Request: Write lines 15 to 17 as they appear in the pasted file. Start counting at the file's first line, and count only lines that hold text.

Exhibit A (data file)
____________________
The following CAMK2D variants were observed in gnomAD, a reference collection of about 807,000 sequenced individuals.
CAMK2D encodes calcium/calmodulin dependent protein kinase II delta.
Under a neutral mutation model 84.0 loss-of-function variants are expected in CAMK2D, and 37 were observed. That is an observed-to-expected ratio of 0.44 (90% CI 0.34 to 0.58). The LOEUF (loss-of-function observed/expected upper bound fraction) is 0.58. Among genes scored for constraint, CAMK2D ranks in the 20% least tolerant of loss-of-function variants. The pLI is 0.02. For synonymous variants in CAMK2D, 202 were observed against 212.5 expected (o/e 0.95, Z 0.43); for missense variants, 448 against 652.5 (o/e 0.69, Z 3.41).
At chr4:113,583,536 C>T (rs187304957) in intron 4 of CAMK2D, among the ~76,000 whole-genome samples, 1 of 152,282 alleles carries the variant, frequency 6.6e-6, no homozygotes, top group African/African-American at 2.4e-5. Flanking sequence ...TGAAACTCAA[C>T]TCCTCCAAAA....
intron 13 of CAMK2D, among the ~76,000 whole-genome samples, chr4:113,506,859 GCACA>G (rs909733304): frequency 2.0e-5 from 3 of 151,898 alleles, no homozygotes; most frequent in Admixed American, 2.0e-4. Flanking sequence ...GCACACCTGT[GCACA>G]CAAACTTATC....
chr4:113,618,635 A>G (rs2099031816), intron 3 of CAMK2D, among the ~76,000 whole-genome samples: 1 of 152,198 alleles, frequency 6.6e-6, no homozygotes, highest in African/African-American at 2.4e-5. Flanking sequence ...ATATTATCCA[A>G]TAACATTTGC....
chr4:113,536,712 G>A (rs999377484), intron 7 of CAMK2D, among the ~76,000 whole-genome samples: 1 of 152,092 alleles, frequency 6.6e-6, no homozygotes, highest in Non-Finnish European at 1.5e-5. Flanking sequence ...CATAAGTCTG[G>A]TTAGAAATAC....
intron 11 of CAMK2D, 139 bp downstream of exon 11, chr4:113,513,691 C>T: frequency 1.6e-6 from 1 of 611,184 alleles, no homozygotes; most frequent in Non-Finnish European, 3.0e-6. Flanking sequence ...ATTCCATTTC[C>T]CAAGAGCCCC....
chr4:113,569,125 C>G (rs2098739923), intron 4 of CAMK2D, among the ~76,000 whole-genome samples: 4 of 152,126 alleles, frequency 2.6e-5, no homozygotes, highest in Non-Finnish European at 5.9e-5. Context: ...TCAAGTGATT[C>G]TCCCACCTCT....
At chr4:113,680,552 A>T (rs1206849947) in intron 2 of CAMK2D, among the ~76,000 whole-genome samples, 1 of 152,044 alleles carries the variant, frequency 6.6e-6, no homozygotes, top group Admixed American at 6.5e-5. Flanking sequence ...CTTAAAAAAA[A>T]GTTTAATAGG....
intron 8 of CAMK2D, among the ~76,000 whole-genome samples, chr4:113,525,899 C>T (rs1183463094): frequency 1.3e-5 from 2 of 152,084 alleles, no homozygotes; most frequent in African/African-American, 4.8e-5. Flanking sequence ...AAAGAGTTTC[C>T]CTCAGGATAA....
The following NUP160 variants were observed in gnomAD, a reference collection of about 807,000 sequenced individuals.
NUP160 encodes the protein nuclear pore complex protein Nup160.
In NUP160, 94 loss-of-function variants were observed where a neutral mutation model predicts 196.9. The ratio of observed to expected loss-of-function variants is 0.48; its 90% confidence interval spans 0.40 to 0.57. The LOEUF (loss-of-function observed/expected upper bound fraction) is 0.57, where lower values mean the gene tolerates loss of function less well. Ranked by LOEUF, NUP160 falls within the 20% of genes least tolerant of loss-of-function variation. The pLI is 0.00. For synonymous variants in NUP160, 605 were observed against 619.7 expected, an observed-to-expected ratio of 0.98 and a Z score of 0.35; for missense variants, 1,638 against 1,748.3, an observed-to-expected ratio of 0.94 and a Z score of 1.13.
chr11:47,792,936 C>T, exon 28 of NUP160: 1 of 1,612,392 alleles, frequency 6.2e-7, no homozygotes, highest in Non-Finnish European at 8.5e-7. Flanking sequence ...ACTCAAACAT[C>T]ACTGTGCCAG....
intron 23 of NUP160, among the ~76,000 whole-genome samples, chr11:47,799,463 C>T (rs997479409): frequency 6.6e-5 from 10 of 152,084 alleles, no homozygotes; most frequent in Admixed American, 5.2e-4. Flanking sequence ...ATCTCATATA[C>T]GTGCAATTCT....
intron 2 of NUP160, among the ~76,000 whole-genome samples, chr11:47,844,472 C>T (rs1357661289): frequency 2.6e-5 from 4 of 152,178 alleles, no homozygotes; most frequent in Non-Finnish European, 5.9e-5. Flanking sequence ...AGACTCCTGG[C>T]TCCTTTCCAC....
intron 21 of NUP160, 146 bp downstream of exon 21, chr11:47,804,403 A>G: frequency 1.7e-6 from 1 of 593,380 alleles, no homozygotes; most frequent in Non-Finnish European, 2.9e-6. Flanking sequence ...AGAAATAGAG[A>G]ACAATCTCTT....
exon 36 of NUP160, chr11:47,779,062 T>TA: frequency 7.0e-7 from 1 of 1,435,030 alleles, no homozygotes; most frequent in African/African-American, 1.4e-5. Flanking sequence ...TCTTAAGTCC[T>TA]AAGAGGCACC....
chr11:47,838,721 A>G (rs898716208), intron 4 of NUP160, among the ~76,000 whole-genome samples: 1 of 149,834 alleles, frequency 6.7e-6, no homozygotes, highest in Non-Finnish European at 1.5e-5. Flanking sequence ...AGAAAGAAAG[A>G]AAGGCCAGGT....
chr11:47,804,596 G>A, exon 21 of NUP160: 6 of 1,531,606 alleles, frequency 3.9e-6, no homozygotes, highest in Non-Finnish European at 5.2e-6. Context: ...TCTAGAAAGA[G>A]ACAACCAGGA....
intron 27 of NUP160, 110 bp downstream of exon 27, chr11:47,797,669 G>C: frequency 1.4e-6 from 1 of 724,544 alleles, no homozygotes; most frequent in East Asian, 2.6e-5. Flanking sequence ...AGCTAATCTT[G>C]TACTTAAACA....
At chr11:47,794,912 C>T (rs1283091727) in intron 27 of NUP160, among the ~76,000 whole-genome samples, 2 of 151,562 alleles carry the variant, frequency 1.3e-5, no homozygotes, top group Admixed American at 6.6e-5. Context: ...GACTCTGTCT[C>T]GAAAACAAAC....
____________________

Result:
chr11:47,792,936 C>T, exon 28 of NUP160: 1 of 1,612,392 alleles, frequency 6.2e-7, no homozygotes, highest in Non-Finnish European at 8.5e-7. Flanking sequence ...ACTCAAACAT[C>T]ACTGTGCCAG....
intron 23 of NUP160, among the ~76,000 whole-genome samples, chr11:47,799,463 C>T (rs997479409): frequency 6.6e-5 from 10 of 152,084 alleles, no homozygotes; most frequent in Admixed American, 5.2e-4. Flanking sequence ...ATCTCATATA[C>T]GTGCAATTCT....
intron 2 of NUP160, among the ~76,000 whole-genome samples, chr11:47,844,472 C>T (rs1357661289): frequency 2.6e-5 from 4 of 152,178 alleles, no homozygotes; most frequent in Non-Finnish European, 5.9e-5. Flanking sequence ...AGACTCCTGG[C>T]TCCTTTCCAC....